The neutral zone is also clogged, with the league’s worst nightmare coming to fruition during a game last year between Tampa Bay and Philadelphia. While the Lightning passed on any token forecheck to implement their 1-3-1 trap, the Flyers just stood and held the puck in their own end as seconds ticked away. So much for the “Fastest Game on Ice.”

The NHL must lengthen and widen its rinks. I’d start with the 100-foot Olympic width and the 210-foot length that is common in some European leagues. While teams could still opt to defend in a passive manner, the added time and space will allow for more creativity by the game’s top players, which is what everyone wants to see.

I’d also look to increase the size of the goal nets. Anyone remember the majesty of a Guy LaFleur or Mike Bossy racing down the right wing to unleash and score on a booming slap shot? You can’t see that anymore, at least not until they equip sticks with lasers.

The average NHL goalie stands around 6-foot-2, with oversized pads that allow them to cover almost the entire cage as soon as they drop down. A 90 percent save percentage used to be like hitting .300 in baseball. Now it’s well below the 2011-12 league-wide average of .914, the highest it’s ever been.

How can the NHL seriously think about “growing the game” when it’s lifeblood — goal scoring — the plays that lift every fan out of their seats, is becoming an increasingly rare type?

The other half of the equation involves altering the incentives.

The first change is easy —get rid of that loser’s point. The standings should be simple to read — two points for a regulation or overtime win and one point for a shootout win. That’s it. No more OTLs.

Whenever a game is tied late, I always hear announcers talking about how both teams want to “avoid taking any risks to preserve their precious one point.” How enthralling.

In many cases, that has extended into the overtime. The original intent of the four-on-four overtime period was to open up the ice to encourage teams to go for the win. Well, some teams (like the Devils) would rather take their chances in the shootout. Too many overtimes are played at the pace of tic-tac-toe, with similar results.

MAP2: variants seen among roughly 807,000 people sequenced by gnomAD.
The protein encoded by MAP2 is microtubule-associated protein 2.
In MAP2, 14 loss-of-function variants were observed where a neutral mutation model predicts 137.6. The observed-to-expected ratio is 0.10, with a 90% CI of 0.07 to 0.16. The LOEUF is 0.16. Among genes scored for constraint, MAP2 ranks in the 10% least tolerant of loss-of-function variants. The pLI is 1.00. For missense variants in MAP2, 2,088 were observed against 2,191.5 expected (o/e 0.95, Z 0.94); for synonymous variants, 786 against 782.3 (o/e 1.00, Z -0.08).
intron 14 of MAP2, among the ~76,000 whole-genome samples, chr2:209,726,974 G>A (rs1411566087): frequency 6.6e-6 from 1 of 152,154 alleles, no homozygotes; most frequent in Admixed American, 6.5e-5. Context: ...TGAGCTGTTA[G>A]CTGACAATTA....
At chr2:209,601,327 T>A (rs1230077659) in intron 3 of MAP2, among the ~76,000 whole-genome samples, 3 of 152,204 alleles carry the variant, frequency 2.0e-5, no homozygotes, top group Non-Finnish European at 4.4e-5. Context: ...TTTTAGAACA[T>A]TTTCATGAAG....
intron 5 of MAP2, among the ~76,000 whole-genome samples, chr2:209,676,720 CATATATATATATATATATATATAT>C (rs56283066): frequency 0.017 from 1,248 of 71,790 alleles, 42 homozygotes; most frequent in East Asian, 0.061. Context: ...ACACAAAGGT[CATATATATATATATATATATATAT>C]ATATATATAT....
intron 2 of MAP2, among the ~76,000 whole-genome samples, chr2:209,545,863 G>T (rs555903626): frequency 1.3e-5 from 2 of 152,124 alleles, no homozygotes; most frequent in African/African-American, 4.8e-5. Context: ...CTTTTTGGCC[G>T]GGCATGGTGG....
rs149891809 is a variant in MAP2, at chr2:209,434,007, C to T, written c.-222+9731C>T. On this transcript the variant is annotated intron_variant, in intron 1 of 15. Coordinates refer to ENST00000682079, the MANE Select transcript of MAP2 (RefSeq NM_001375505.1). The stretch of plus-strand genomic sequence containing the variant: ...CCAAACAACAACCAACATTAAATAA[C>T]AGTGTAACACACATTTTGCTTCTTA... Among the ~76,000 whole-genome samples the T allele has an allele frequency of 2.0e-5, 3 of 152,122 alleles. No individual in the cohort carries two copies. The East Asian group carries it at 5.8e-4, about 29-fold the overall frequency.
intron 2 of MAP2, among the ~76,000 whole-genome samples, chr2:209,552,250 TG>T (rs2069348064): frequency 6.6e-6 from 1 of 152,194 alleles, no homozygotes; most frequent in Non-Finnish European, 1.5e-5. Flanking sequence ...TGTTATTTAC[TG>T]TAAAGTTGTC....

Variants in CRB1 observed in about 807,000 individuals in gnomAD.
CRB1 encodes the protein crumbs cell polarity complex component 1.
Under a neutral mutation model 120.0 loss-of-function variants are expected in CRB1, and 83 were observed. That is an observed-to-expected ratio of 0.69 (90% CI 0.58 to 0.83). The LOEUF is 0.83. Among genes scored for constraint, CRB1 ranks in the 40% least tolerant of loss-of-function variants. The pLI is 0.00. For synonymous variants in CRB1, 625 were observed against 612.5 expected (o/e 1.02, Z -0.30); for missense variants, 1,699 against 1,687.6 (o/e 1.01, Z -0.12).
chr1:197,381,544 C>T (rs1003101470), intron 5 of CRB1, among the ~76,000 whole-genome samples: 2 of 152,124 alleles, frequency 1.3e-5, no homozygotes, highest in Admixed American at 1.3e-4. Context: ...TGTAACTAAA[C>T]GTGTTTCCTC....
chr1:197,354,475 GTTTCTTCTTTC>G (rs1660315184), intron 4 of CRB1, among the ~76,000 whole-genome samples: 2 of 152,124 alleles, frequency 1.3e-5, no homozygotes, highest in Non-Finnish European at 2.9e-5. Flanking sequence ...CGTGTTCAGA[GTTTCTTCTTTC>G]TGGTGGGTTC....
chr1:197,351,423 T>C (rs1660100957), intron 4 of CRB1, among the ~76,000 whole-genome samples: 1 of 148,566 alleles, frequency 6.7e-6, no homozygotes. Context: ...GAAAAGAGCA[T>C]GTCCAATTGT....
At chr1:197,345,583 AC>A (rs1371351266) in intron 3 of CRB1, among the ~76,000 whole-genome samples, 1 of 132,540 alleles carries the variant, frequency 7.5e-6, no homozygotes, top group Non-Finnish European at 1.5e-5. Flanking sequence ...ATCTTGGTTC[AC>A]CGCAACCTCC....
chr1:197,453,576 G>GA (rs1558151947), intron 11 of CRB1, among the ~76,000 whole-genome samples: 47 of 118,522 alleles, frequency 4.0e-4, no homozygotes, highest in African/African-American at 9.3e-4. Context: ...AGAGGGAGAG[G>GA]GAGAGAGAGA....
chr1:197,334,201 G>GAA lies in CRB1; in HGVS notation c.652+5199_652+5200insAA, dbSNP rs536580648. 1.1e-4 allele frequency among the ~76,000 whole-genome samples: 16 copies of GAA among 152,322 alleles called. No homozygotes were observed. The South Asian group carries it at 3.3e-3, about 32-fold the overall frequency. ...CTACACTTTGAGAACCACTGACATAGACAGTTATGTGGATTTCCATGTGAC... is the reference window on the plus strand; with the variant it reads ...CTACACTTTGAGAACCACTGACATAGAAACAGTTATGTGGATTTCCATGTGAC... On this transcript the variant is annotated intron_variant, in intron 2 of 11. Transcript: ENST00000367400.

Now I’m not suggesting we get rid of the shootout. Most fans love it, and I don’t think it’s a bad idea to declare a winner when almost one in four games in 2011-12 were tied after three periods.

But let’s face it — it’s a gimmick. Baseball doesn’t stop playing extra innings to decide games with a home run derby. Tied basketball games continue with overtimes, not with three-point shooting contests. Only hockey and soccer games can be won with activities outside regular game play. So it’s only fair that the winner take home one less point to separate those games which were won in the natural process. And if it encourages teams to play a more exciting overtime period beforehand, all the better.

I’d also like to see the NHL revert back to the rule allowing for multiple power play goals during a two-minute penalty and disallow icing while killing penalties. Why are we giving benefits to teams that commit a penalty?

The one-goal rule was instituted in 1956 to stick it to stacked Montreal. There’s so much more parity now and, besides, teams are killing penalties at historically high rates. And even if shorthanded teams still chose to ice the puck to clear it from danger, they could not get tired players to the bench on the whistle.

Unfortunately, I’m not confident I’ll ever hear any of these items discussed. Now that the dollars and cents have been divvied up, both the players and the owners assume that not only will the fans eventually come back, but they can also increase their base.

They are mistaken. The NHL will continue to be a niche product, popular in the large northern U.S. Original Six cities and selected others that happen to be winning at the moment. There’s very little national following outside of a team’s hometown.

That can only change if the League allows its stars to breathe. Fans without a rooting interest want to see brilliance, whether it’s LeBron James, Tom Brady or Alex Ovechkin.

Hockey games afford fans the opportunity to see unparalleled speed and coordination. Why on Earth would the League want to keep that hidden?

Instead of merely bean-counting, the NHL’s caretakers should be looking for ways to bring the game back from the muck it’s become.

For a FAN’s perspective of the Nets, Jets and the NHL, follow Steve on Twitter @SteveLichtenst1.

Do you think that the NHL needs to make changes to get casual fans more interested in it? If you were Gary Bettman, what would you do to make the game more exciting? Sound off with your thoughts and comments below…